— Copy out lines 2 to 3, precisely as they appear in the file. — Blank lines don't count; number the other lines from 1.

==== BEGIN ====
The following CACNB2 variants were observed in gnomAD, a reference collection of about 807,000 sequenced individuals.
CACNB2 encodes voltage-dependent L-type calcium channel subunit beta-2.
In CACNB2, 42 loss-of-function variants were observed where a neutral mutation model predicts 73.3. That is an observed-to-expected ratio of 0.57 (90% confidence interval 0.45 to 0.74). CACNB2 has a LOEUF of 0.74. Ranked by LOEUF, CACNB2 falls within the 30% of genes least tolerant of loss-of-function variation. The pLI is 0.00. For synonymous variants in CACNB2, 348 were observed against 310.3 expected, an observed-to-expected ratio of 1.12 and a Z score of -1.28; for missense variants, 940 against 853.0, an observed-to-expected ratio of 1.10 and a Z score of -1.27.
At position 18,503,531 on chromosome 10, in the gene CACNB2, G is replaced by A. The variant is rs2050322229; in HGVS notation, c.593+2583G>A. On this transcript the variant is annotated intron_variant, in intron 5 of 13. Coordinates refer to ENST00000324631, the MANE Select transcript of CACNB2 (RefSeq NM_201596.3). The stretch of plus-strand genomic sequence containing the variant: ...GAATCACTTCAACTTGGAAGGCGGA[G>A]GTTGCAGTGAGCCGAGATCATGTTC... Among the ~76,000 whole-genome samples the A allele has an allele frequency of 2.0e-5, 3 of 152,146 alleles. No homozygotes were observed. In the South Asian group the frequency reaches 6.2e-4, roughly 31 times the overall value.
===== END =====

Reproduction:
CACNB2 encodes voltage-dependent L-type calcium channel subunit beta-2.
In CACNB2, 42 loss-of-function variants were observed where a neutral mutation model predicts 73.3. That is an observed-to-expected ratio of 0.57 (90% confidence interval 0.45 to 0.74). CACNB2 has a LOEUF of 0.74. Ranked by LOEUF, CACNB2 falls within the 30% of genes least tolerant of loss-of-function variation. The pLI is 0.00. For synonymous variants in CACNB2, 348 were observed against 310.3 expected, an observed-to-expected ratio of 1.12 and a Z score of -1.28; for missense variants, 940 against 853.0, an observed-to-expected ratio of 1.10 and a Z score of -1.27.